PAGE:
Self-help is an $11 billion industry. Books, CDs and DVDs abound promising techniques and strategies for self-fulfillment. They could fill libraries. They often top bestseller lists. No doubt, many have found relief through their advice (otherwise they wouldn’t make money). Their emphasis on self-realization is especially attractive. Whether its gaining a competitive edge or acquiring peace of mind, this genre offers the means to become our better selves, to become what we think we should be. But with 80 percent of their consumers being repeat buyers, they arguably fall short of their promise (for if one is fulfilled, why buy again?).
Fulfillment is one of the promises of Christianity, but it is not our first motive as disciples. Jesus tells us very clearly, “I came so that they might have life and have it more abundantly,” (Jn 10:10). But that is not why we follow him. Jesus assures that those who sacrifice for him, who commit themselves as his disciples, will “receive a hundred times more,” (Mt 19:29). But that is not why we love him. “Self-fulfillment” does not fire our hearts for the Savior. Rather, “we love because he first loved us,” (1Jn 4:19). We are not seeking self-realization, but responding to divine love. Christians “no longer live for themselves, but for him who for their sake died,” (2Cor 5:15).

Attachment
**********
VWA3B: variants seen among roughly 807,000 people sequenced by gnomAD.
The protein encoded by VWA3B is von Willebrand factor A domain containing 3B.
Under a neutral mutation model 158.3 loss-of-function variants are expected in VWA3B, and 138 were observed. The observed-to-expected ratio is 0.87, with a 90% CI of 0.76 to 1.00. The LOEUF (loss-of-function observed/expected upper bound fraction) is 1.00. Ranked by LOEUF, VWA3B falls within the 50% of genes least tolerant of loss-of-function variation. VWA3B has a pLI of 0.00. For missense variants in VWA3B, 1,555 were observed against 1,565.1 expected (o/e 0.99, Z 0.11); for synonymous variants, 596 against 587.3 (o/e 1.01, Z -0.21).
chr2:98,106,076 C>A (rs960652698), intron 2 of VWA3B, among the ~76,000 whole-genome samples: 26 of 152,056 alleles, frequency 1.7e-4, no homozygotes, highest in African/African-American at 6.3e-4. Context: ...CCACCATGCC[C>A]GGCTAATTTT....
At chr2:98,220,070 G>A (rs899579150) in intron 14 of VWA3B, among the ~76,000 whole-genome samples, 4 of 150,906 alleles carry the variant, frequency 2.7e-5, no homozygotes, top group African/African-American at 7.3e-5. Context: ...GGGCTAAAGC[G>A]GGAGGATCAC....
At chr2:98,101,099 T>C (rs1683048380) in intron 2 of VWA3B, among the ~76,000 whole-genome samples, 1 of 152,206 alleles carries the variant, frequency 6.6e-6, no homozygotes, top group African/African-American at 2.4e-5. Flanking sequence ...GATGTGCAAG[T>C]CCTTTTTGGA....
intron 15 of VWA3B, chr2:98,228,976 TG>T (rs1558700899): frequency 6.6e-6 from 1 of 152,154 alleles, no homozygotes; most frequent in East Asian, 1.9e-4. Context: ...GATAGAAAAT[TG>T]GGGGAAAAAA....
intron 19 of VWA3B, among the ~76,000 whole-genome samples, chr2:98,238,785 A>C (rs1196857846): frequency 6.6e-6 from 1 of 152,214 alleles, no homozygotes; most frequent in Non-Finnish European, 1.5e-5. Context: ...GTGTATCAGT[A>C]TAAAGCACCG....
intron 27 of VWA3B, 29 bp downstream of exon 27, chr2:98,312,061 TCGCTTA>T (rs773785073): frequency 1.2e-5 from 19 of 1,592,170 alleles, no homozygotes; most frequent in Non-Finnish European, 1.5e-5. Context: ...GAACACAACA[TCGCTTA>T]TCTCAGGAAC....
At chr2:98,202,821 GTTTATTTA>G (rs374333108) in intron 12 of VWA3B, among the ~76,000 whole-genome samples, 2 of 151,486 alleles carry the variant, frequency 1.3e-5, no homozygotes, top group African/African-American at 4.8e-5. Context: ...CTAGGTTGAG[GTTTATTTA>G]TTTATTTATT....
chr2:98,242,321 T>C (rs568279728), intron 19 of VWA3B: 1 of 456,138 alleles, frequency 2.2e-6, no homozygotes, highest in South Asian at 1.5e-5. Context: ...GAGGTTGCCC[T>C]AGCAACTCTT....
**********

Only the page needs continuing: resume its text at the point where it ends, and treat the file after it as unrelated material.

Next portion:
Love is ecstatic. It takes us out of ourselves. This is clearest in love’s ability to suffer (even joyfully). In our second reading this weekend, Peter exhorts us,
“Rejoice to the extent that you share in the sufferings of Christ.” We see this throughout the lives of the saints, a tremendous ability to endure physical and spiritual trials with ease and charity. Motivated by self-fulfillment, they would never last. It’s hard to meet your needs hanging on the Cross. But motivated by love — well, “love endures all things” (1Cor 13:7). Seeking not themselves, but union with Jesus, they are fulfilled, but fulfilled in Christ: “I live, no longer I, but Christ lives in me” (Gal 2:20).
Of course, God wants us to reach our potential. He made us. He desires we become all he imagined. Saint Irenaeus (no small authority) famously wrote, “The glory of God is man fully alive.” Becoming who we are meant to be gives God glory. But the question is, how to get there? Living fully is not a matter of cataloguing our needs, managing our time and keeping everything in balance. The full life begins with ecstatic love. It begins when “the love of Christ compels us” (2Cor 5:14). He is the pearl of great price (Mt 13:45). Loving him well is the fulfillment of our potential. Loving him well is the full life.